Schrader, Shea-Porter Legislation to Help Veterans Included in Defense Authorization Package
Congressman Kurt Schrader (OR-05) and Congresswoman Carol Shea-Porter’s (NH-01) legislation to protect recalled veterans was selected for inclusion in the National Defense Authorization Act (NDAA), the annual authorization package for the Department of Defense.
“I’m very pleased that leadership included our legislation in this year’s defense legislation to protect our veterans and ensure they are able to receive their due retirement pay,” said Rep. Schrader. “Current law does not protect our veterans after they’ve been involuntarily called back into service. In Oregon, I have a constituent who, despite his 100% service connected disability after being involuntarily called back, has had his retirement checks withheld for the past four years. It’s unfair for Uncle Sam to give you severance pay then recall you back up 13 years later, break you, retire you, and then withhold that pay. Our legislation reminds the brave men and women who put their lives on the line to protect us that we will not turn our backs on them. I’ve always stood up for our veterans, and I will especially continue to stand up to protect our most vulnerable vets.”
“This amendment will help protect 100% service-connected disabled veterans by making sure that they are not forced to repay separation bonuses after having been recalled involuntarily to military service,” said Shea-Porter. “The men and women who have served our country and were seriously injured should not be further burdened by this financial distress.”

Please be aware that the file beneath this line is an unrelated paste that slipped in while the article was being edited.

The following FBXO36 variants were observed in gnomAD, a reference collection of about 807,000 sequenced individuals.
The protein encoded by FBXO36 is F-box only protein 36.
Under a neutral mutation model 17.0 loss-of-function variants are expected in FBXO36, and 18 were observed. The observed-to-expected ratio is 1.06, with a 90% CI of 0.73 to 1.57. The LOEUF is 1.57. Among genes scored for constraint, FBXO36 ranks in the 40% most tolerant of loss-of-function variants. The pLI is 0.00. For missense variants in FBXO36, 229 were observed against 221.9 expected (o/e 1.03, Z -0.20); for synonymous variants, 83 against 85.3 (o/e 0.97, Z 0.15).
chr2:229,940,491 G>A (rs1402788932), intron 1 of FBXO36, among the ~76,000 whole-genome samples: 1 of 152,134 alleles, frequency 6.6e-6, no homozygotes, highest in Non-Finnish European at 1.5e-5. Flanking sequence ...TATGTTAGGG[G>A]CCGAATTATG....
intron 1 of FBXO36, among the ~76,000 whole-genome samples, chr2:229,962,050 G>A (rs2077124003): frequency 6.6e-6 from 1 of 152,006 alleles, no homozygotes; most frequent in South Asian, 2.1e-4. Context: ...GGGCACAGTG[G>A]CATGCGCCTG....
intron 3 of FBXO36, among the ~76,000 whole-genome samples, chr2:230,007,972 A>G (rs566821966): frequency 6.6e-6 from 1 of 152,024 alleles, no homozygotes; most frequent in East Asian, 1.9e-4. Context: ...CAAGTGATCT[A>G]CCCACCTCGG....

Rep. Schrader submitted his Recalled Veterans Protection Act (RVPA), along with three other pieces of legislation to protect Oregon veterans and eliminate government waste, for inclusion in NDAA. The RVPA legislation was made in order by the majority and will be included in the final spending package that will be voted on in the House this week.
The Recalled Veterans Protection amendment would create protections for service members who have been severely injured after being involuntarily called back to service, to ensure they are able to receive their due retirement pay. In Oregon, Sergeant First Class Alan Certain separated from the Army in 1992 under the Voluntary Separation Incentive (VSI) program, also known as a buyout meant to encourage permanent service member to retire early. In 2005, Certain was involuntarily called back to service in support of Operation Iraqi Freedom/Operation Enduring Freedom (OIF/OEF), and in 2010, he sustained injuries that rated him 100% service connected disabled. Upon his retirement in 2014, Certain should have begun to receive retirement pay. However, the Defense Finance and Accounting Service (DFAS) has withheld the veteran’s retirement checks until he returns the VSI amount in full. Existing law allows the DFAS to waive repayment, but does not provide consistent protection for veterans. Rep. Schrader’s RPVA legislation would support veterans by providing a blanket exemption from VSI repayment should they sustain a total service related injury during involuntary recall.